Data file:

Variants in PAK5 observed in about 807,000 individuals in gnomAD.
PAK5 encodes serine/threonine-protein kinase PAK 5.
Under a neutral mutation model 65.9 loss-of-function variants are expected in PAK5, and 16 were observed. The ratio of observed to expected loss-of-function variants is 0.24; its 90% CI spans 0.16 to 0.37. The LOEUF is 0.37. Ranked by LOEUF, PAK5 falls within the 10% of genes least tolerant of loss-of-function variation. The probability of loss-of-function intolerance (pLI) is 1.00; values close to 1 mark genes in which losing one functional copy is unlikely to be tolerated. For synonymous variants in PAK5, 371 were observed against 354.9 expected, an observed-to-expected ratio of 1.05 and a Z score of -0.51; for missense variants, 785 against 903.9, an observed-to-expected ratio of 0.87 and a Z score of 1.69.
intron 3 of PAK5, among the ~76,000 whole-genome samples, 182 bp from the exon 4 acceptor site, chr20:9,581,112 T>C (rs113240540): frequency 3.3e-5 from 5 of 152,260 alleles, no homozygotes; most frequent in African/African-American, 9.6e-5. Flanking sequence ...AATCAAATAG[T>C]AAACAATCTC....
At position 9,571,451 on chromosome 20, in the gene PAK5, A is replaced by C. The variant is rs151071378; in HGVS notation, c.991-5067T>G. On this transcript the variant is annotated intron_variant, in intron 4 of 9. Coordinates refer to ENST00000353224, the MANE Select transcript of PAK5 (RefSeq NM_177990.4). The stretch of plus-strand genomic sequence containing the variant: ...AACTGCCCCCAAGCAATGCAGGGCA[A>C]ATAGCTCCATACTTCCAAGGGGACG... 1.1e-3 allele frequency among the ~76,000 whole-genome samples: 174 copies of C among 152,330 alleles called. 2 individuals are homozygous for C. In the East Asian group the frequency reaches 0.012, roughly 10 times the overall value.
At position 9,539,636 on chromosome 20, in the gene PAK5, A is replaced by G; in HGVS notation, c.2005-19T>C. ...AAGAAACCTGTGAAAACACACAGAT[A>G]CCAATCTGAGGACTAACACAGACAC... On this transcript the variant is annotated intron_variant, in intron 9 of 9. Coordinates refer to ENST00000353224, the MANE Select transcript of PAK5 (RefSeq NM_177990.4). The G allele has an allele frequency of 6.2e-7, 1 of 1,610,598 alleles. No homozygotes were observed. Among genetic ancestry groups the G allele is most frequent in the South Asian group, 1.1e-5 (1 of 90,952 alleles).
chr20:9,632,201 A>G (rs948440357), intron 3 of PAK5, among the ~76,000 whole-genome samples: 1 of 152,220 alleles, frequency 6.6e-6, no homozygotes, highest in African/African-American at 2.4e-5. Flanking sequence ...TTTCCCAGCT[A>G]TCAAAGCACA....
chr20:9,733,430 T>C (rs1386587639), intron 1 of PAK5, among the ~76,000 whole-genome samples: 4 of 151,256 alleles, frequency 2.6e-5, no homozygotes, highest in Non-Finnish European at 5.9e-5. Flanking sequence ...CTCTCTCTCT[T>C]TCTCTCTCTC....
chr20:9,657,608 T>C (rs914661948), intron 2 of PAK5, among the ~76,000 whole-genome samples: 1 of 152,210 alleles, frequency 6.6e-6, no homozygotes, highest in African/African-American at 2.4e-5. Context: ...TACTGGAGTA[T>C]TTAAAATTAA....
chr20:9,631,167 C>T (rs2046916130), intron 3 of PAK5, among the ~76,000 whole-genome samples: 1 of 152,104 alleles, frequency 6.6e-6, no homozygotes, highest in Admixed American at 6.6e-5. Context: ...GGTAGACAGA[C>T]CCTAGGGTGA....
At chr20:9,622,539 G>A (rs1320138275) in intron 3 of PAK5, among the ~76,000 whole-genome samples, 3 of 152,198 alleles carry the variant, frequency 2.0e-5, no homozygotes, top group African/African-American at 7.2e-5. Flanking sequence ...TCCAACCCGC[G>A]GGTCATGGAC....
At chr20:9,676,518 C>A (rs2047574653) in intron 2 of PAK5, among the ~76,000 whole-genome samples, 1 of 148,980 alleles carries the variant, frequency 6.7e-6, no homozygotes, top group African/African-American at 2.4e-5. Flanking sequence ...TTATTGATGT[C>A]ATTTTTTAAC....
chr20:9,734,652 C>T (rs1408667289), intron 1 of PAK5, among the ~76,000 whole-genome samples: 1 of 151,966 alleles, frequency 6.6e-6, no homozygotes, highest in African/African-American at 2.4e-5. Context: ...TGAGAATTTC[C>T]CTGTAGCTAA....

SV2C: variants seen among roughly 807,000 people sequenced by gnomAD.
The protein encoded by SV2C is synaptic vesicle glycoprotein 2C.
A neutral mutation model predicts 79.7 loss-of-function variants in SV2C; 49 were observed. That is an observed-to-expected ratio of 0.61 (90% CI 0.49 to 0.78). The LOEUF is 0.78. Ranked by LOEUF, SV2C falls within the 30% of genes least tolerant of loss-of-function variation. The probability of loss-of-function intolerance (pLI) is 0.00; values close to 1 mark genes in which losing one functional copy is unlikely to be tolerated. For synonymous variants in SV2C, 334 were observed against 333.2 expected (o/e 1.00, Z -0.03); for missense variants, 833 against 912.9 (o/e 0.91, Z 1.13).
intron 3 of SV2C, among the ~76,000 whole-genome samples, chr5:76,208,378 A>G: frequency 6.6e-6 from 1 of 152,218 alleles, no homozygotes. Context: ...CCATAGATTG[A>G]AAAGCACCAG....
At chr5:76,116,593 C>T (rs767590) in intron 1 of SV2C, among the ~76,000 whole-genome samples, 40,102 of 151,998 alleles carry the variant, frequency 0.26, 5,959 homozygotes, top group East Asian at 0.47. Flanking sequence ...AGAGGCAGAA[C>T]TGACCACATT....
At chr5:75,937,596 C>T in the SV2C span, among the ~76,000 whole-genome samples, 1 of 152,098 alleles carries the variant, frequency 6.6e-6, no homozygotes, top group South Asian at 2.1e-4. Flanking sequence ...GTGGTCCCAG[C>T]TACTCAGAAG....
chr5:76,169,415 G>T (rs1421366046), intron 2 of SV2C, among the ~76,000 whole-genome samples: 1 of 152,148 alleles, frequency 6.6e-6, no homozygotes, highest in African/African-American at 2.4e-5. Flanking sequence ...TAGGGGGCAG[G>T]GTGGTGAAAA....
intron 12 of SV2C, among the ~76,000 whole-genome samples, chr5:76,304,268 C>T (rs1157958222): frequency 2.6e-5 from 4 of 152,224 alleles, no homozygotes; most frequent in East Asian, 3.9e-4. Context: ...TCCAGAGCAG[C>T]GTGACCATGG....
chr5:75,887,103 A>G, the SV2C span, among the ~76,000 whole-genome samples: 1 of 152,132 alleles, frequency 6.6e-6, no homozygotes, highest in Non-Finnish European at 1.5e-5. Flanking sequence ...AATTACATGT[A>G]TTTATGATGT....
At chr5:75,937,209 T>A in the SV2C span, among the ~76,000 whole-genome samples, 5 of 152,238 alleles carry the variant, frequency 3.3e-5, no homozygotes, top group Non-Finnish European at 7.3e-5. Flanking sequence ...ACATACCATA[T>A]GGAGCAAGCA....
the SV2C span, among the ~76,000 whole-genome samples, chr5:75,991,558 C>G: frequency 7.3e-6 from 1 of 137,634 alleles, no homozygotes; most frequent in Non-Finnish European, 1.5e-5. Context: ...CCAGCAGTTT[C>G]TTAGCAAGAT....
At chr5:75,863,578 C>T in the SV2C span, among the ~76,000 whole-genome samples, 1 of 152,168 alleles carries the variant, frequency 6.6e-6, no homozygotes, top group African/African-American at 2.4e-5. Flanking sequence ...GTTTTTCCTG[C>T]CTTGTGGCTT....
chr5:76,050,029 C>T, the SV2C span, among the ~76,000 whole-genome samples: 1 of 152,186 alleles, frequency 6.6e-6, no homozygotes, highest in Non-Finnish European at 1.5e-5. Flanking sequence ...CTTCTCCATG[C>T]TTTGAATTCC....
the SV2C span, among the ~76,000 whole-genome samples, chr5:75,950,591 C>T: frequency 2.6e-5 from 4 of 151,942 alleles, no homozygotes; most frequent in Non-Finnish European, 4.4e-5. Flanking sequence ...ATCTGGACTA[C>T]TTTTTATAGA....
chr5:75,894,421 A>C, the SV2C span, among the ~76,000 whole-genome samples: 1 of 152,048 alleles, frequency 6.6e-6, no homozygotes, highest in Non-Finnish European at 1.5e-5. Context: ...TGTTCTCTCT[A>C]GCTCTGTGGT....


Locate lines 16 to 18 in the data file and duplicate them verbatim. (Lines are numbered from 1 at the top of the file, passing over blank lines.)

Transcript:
A neutral mutation model predicts 79.7 loss-of-function variants in SV2C; 49 were observed. That is an observed-to-expected ratio of 0.61 (90% CI 0.49 to 0.78). The LOEUF is 0.78. Ranked by LOEUF, SV2C falls within the 30% of genes least tolerant of loss-of-function variation. The probability of loss-of-function intolerance (pLI) is 0.00; values close to 1 mark genes in which losing one functional copy is unlikely to be tolerated. For synonymous variants in SV2C, 334 were observed against 333.2 expected (o/e 1.00, Z -0.03); for missense variants, 833 against 912.9 (o/e 0.91, Z 1.13).
intron 3 of SV2C, among the ~76,000 whole-genome samples, chr5:76,208,378 A>G: frequency 6.6e-6 from 1 of 152,218 alleles, no homozygotes. Context: ...CCATAGATTG[A>G]AAAGCACCAG....
At chr5:76,116,593 C>T (rs767590) in intron 1 of SV2C, among the ~76,000 whole-genome samples, 40,102 of 151,998 alleles carry the variant, frequency 0.26, 5,959 homozygotes, top group East Asian at 0.47. Flanking sequence ...AGAGGCAGAA[C>T]TGACCACATT....